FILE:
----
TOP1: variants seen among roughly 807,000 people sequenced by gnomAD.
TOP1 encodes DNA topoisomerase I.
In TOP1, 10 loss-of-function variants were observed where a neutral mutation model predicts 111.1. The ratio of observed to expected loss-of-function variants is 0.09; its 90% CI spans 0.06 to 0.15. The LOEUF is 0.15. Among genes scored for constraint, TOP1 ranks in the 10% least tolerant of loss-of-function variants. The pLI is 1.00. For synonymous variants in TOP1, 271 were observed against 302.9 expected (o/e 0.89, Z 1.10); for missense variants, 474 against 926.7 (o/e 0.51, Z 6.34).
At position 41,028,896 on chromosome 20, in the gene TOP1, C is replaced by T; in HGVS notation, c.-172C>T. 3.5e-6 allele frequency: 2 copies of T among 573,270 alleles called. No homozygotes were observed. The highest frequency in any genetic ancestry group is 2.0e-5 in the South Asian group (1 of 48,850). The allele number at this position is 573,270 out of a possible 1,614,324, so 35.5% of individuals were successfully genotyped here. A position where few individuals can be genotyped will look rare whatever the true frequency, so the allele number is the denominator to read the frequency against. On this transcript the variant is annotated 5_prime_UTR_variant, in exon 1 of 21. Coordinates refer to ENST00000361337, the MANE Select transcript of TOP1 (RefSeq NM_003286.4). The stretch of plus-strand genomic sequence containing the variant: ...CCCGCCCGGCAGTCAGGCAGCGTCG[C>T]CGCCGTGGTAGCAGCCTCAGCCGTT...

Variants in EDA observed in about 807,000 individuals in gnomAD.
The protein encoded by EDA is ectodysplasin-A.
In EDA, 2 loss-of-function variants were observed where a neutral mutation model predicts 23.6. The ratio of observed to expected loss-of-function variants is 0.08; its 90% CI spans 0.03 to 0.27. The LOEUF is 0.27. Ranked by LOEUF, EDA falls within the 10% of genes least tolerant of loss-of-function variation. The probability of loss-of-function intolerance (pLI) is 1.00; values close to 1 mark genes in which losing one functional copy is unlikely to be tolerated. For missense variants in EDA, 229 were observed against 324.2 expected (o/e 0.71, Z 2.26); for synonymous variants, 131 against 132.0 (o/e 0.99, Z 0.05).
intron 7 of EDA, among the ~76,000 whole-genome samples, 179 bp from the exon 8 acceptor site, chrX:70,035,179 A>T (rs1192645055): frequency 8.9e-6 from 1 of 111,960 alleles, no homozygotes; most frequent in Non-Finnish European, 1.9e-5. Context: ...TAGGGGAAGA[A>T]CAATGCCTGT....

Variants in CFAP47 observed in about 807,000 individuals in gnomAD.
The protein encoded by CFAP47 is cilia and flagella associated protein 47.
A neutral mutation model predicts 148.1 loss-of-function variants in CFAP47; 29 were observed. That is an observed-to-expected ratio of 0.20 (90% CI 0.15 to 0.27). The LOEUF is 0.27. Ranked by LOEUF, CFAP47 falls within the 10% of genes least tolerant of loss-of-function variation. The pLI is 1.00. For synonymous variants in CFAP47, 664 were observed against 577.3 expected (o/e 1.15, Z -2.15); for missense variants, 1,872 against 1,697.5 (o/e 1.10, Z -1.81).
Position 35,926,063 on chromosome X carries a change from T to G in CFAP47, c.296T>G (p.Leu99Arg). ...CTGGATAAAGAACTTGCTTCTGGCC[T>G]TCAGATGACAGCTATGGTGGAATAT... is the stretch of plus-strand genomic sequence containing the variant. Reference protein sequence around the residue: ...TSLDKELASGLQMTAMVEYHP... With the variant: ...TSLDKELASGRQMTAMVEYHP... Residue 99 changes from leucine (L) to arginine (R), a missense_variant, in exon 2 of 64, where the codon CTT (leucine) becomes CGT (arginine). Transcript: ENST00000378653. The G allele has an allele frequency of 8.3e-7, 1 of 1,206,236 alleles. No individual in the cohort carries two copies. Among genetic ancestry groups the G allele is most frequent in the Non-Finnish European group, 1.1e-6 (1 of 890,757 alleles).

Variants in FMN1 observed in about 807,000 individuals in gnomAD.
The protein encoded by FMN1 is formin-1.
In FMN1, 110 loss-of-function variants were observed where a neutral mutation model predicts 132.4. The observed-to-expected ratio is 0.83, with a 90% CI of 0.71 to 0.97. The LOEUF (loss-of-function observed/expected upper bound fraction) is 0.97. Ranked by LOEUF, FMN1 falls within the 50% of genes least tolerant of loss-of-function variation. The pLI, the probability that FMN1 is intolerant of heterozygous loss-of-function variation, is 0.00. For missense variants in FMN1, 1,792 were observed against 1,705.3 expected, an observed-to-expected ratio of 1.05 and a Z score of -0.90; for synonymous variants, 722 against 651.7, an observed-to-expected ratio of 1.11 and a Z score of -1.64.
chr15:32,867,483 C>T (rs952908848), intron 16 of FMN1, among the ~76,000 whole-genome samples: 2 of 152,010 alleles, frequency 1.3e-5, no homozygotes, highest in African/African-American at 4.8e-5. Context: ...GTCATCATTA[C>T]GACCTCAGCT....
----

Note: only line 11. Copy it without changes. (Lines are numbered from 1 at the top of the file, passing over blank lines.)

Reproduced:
A neutral mutation model predicts 148.1 loss-of-function variants in CFAP47; 29 were observed. That is an observed-to-expected ratio of 0.20 (90% CI 0.15 to 0.27). The LOEUF is 0.27. Ranked by LOEUF, CFAP47 falls within the 10% of genes least tolerant of loss-of-function variation. The pLI is 1.00. For synonymous variants in CFAP47, 664 were observed against 577.3 expected (o/e 1.15, Z -2.15); for missense variants, 1,872 against 1,697.5 (o/e 1.10, Z -1.81).